Winter 1892: Gaslight and Ghouls

I’m working on my event for 11.11.11. It’s a Mouse Guard / Victorian adventure hack. Here are some early thoughts:

So, I’m taking the Mouse Territories and pushing them three hundred some years into the future, into the growing pains of the industrial revolution. I’m drawing inspiration from Victorian adventure fiction: stuff like Sherlock Holmes, Dracula, Jules Verne, H.G. Wells. Essentially all the inspirations for The League of Extraordinary Gentleman layered on top of Mouse Guard.

Lockhaven has grown to a sprawling metropolis, build of brick and wrought iron. Factories belch smoke into the air. Old Lockhaven is a looming citadel above the labyrinth of tenements and workshops.

Deep, deep underground, the mice have found a pocket of natural gas. Not only do they power gaslamps and heat throughout the city, but the city walls have iron pipes built into them with steel nozzles pointing out. When the gas is turned on, huge jets of flame shoot from the walls, repelling even the most curious bear or moose. All animals fear fire.

The metropolis is also defined by huge stumps, where trees once grew. In a huge, treeless area like this, birds of prey would be a major threat. I think every few blocks, there is a huge four (mouse) story tall iron spike that rises above the city, creating a deadly barrier for the birds above.

Lockhaven has absorbed many of the smaller settlements around it. Although these neighborhoods are, in theory, still governed by their local borough chief, there is constant tension between the local leaders and the privy council at Lockhaven.

I’ll be updating the skill list to better fit the setting. Less wilderness skills, more urban ones. I was going to hack Nature, to add some element of the stifling pressure to conform to social norms that pervades Victorian literature, but I’m not sure how much it would add. The hacking Nature thread does have me thinking, though.


In the standard setting, the Weasels seem to be a stand in for the Asiatic “other”, the despots of the exotic East that enslave and sacrifice the European stand-in mice. Do I want to carry that forward? Do I want to deal with its implications?

If I carry it forward, then by 1892, the mice have essentially conquered the Weasels through superior technology and economic development. Where does that put Weasels in Lockhaven society? Are they the coal miners and manual laborers? Have some of them adopted Mouse ways and Mouse attitudes to aspire to something higher in Mouse society?

Most importantly, are there Weasel members of the Guard?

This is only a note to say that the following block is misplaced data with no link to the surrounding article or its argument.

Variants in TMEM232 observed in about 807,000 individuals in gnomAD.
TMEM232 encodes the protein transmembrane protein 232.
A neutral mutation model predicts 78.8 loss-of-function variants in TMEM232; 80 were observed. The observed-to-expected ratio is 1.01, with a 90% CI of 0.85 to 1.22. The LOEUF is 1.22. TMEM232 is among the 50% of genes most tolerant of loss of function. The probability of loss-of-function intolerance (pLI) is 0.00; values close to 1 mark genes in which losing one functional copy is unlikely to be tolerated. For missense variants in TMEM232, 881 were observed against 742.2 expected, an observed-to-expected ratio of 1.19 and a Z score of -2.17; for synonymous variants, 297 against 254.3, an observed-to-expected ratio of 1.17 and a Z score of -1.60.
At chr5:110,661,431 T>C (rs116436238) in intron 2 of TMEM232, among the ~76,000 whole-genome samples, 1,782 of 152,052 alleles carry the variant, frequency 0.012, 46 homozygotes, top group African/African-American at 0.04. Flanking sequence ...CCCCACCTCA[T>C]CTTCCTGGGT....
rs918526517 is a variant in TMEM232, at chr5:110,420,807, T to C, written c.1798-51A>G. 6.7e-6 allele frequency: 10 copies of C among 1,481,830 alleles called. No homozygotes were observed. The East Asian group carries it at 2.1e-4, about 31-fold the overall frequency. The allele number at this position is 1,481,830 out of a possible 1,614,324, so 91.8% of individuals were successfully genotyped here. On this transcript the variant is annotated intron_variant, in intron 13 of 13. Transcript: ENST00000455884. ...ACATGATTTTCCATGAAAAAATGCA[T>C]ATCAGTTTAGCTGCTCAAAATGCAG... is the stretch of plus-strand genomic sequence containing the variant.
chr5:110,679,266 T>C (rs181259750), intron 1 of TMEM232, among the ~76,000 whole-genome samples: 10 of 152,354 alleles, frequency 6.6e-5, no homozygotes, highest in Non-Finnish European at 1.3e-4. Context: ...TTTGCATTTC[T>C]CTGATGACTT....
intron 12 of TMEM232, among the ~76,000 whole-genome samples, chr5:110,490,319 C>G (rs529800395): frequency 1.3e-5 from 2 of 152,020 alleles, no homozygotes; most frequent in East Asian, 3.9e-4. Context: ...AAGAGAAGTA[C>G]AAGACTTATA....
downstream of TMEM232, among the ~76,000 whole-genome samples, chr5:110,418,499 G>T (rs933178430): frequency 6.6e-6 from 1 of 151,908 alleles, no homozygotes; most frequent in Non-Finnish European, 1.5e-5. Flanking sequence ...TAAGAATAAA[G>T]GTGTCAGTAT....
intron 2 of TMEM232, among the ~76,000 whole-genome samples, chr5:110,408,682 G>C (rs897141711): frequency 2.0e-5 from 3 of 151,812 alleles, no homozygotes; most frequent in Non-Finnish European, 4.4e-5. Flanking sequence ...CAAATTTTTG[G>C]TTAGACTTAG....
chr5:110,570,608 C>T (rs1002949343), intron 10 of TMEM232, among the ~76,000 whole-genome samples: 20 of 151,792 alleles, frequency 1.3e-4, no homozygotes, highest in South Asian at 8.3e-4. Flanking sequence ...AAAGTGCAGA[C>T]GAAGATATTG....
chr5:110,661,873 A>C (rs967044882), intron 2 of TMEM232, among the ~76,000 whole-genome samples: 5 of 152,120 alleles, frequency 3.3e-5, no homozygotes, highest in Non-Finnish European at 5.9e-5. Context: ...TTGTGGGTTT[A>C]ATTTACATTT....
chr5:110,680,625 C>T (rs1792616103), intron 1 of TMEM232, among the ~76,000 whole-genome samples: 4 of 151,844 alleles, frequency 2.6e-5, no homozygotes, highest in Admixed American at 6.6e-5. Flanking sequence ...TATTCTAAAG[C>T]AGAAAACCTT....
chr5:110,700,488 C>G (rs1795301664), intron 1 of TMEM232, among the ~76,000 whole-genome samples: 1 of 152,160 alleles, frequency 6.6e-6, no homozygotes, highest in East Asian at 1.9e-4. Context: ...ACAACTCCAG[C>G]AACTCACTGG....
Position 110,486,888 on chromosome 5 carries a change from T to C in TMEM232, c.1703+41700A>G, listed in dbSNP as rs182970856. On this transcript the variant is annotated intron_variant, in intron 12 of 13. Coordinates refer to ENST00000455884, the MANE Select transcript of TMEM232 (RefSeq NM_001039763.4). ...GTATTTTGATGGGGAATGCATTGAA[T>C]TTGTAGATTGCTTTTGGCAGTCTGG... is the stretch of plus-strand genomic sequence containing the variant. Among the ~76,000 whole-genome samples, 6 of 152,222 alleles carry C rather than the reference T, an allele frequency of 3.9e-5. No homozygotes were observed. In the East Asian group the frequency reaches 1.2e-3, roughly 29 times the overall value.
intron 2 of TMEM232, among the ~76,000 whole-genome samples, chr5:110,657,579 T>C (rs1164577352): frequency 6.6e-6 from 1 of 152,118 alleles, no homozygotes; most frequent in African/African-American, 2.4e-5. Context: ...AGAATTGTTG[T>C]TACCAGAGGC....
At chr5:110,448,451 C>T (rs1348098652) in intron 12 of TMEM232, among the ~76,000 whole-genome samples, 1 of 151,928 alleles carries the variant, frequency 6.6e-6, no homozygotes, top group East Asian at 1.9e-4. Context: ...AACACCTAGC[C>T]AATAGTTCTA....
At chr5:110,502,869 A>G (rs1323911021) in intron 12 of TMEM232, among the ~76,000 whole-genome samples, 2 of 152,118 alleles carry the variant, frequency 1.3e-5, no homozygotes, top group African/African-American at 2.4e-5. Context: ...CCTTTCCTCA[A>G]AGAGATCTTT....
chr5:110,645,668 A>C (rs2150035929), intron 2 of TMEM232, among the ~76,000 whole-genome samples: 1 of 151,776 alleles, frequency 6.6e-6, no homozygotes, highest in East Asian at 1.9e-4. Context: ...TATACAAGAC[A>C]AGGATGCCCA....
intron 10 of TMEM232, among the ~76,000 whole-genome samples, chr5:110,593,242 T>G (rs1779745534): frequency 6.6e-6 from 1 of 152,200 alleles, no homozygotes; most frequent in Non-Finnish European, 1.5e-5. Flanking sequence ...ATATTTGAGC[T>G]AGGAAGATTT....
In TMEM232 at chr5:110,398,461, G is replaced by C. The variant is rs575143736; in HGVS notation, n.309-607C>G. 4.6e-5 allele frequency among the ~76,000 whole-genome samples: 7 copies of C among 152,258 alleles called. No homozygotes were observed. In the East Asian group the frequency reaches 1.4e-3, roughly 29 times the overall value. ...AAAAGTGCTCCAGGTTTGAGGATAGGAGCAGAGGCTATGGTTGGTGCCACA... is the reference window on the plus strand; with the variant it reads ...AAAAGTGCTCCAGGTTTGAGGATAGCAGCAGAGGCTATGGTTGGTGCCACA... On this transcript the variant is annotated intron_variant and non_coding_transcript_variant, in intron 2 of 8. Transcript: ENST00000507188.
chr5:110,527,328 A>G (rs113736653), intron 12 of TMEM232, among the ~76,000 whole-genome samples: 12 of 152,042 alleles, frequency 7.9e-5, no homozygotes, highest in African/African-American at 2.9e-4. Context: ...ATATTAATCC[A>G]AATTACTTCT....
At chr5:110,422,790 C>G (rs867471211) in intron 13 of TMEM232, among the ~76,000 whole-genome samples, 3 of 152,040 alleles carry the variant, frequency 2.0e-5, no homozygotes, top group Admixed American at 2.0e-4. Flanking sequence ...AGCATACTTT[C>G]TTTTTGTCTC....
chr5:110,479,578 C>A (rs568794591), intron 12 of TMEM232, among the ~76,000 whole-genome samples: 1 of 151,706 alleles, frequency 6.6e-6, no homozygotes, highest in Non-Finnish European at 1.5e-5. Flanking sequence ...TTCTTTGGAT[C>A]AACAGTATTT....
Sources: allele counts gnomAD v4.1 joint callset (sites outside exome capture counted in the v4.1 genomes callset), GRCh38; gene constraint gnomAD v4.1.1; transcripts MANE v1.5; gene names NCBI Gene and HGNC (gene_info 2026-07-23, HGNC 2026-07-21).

If I break with the whole “Weasel as non-Western “other” stand-in” thing, then do I just write Weasels out of the setting entirely? Did the Mouse Guard eventually wipe them out? Having statues and museums and stuff around that feature the vanquished enemy could be cool. Do they only live in zoos?

What are your thoughts on the issue of Weasels?

Someone must have a hack with guns. Could someone point me to threads with good ideas about how to model firearms in Mouse Guard? I know I want them to be dangerous without being overpowering.

Any and all other comments welcome.

I think martial weapons would be deemphasized in this setting, so you could reduce it down:

Inaccurate: -1D Attack
Quick to Hand: +1s Feint

Bobby Pin: +1D to Attack against unarmed opponent.
Outgunned: -1D to Attack against Musket, Fowling Pieces and Rifles

Outgunned: -1D to Attack against Musket, Fowling Pieces and Rifles
Short and Quick: Any successful Maneuver counts as a Disarm against opponent’s weapon.

Awesome, gun stats. Thanks Luke. I’m sure people will find this useful for other hacks.

Oops. Didn’t really think about the date. Those weapons are thoroughly outdated for this period. Edited.

This is good stuff. It makes me want to deconstruct Mouse Guard using an Ethnic Studies framework

I think the Other is this setting would become trading partners and a source of income for Lockhaven. Trading partners who usually get the short end of the stick. Maybe this culture isn’t the Weasels. An analogy for other-ness of Weasels in MG could be Muslim kingdoms in medieval Europe. In this setting a new species could represent the Asiatic other.


i allow weasels to continue as a key rival for tech, industry, and growth. Perhaps even give weasels the upper hand by having them represent the advancing tech that mice stole, borrowed, bought, or aspired to.

In this sense, the weasels, martens, ferrets, and others of similar specie have perhaps lost a bit of the feral urge to eat mice, and instead focus on economic superiority. They offer a high price but have been the architects of a future for the mice, such as providing gunpowder, steel, and access to resources far beyond the limits of the scent border.